“There will need to be a user agreement executed on that second tap…and they are agreeable to that be-cause it will be used as a County facility,” said Ms. Matthews.
The mobile unit is currently school property, which was not auctioned off because it was offered to Sheriff Hodges for this use.
County Attorney Howard Estes asked if the “school intends to transfer title?”
He also explained that it needed to be verified if the transfer of title had occurred.
According to Estes, the transfer needs to be made to “whoever is going to own it.”
“We just need to make sure that it is transferred legally,” he added. “If the title hasn't been transferred, we just need to find out who is going to own it whether it's the Sheriff's Office, the County, or the rescue squad…It's just a question of who did they actually surplus it to?”
The sewer tap issue is a separate issue and the title issue can be worked through at a later date, according to Estes.
After the discussion, the Board waived the hookup fee related to the transfer of the mobile unit from the school campus to the rescue squad property on a four to one vote. Supervisor Osl voted in opposition.
The Brown's Voting Precinct was set for a September public hearing during the meeting.
According to Ms. Matthews, the Board wishes to conduct a public auction of the property.
In other business, Parker Wheeler, at-large member, was reappointed to the Planning Commission for an-other three years. Wheeler currently serves as the Chairman of the Commission.
Later, Nell Spain was also appointed to serve as a District Two representative on the Social Services Board.
The Board also approved the request to reappoint Peter Francisco Soil and Water Conservation District Board Director, Barbara Teeple.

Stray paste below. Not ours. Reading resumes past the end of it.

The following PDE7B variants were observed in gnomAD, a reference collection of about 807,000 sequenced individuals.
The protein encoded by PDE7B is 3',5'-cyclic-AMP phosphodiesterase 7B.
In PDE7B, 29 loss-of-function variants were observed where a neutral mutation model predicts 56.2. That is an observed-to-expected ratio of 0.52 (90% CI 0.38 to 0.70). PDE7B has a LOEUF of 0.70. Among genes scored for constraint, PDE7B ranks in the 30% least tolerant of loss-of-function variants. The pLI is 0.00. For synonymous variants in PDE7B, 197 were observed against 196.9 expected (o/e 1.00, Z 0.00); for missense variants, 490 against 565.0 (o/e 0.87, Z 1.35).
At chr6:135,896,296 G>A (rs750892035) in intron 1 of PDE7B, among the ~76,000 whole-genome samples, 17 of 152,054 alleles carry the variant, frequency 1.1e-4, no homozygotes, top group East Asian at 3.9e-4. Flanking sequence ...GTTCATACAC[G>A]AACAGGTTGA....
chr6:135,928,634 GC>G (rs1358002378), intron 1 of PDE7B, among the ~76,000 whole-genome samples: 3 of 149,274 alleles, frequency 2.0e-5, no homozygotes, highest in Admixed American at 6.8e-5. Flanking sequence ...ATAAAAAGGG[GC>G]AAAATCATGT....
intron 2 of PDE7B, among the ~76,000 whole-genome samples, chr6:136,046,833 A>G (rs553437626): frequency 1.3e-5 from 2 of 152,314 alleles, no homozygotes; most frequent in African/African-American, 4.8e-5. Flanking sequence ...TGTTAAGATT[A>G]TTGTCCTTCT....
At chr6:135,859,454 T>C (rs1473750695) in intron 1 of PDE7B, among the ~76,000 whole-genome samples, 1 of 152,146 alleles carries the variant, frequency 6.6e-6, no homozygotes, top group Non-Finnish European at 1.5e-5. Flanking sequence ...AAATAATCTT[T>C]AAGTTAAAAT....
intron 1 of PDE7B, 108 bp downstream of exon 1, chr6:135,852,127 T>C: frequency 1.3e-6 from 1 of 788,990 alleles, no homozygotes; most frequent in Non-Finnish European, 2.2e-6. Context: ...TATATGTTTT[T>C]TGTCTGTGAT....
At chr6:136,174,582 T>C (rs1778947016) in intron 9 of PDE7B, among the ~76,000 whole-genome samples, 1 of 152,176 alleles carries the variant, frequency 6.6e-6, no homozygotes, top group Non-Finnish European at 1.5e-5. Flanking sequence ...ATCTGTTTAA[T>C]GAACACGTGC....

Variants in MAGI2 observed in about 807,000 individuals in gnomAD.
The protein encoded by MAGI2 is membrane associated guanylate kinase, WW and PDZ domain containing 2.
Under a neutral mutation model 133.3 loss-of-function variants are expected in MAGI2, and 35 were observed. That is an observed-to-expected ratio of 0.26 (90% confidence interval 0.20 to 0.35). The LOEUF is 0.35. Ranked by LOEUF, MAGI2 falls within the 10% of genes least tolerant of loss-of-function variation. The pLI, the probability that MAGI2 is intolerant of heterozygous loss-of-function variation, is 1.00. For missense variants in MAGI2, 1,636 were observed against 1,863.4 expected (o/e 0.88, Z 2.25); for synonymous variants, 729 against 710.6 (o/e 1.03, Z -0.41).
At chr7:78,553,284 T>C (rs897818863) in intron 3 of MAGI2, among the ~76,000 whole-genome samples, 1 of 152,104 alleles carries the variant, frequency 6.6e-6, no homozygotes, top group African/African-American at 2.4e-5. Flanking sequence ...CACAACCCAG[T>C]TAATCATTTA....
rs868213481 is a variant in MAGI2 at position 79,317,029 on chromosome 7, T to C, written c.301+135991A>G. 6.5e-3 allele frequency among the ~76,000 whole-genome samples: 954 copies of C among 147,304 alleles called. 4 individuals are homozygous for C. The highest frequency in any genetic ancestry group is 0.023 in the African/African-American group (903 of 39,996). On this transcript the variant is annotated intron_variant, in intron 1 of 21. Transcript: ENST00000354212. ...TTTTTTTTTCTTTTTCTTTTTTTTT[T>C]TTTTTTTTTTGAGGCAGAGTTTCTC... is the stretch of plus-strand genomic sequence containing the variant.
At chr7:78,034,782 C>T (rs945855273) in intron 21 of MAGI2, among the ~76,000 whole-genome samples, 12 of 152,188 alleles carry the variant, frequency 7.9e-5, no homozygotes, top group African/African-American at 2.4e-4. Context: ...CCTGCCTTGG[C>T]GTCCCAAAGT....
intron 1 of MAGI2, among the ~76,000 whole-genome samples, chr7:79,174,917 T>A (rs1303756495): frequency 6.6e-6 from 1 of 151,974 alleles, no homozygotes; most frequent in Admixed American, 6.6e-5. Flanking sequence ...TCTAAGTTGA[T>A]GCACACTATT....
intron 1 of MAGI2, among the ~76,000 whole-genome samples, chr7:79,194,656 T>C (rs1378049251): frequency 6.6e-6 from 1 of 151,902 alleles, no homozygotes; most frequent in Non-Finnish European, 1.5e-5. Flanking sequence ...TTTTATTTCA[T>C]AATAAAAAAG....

Ms. Teeple serves on the Board from Buckingham County but also works with educational programs and Watershed Dams within Cumberland.
The Board also approved the PPTRA (personal property tax relief act) for 2010. The percentage is 46.7, ac-cording to a staff memo from the Commissioner of the Revenue, Anita French.
In addition, the Board discussed appointing two new members to serve on Cumberland's Recycling Task-force. According to Judy Ownby, county administrator, the volunteers would be appointed during the upcom-ing September meeting.
Ms. Ownby also explained to the Board that Cumberland would be allowed to use inactive housing program funds according to DHCD.
“That is the payments that are collected in the Treasurer's Office,” she said. “They are collected for a period of ten years and we are in the eighth year so we only have two more years of collecting. But we are allowed to use those inactive funds to put back into projects that are ongoing.”
She requested that the Board approve the program income plan related to the funds collected.
“DHCD has reviewed the plan and has approved it,” Ms. Ownby noted about two ongoing projects that went over budget due to some unforeseen improvements needing to be made. “Southside Outreach just couldn't spend money without approval…”
The Board unanimously approved the adoption of the plan and the use of the funds.
“These new projects that are outgoing, Southside Outreach collects those and administers the program so our treasurer would not be collecting those payments,” noted Ms. Ownby about the housing program's new projects.
The Board took time during the public comments segment to address the current subdivision ordinance up-date that has been an ongoing project of the Planning Commission's this summer.
“I'm really pleased with the action that they have taken,” noted Supervisor Osl about the updates being made to the ordinance.
The updates, according to past comments, will make the ordinance more user-friendly.
The Board held a joint work session with the Commission in late July.
The Commission hopes to have a completed ordinance submitted to the Supervisors for approval this fall.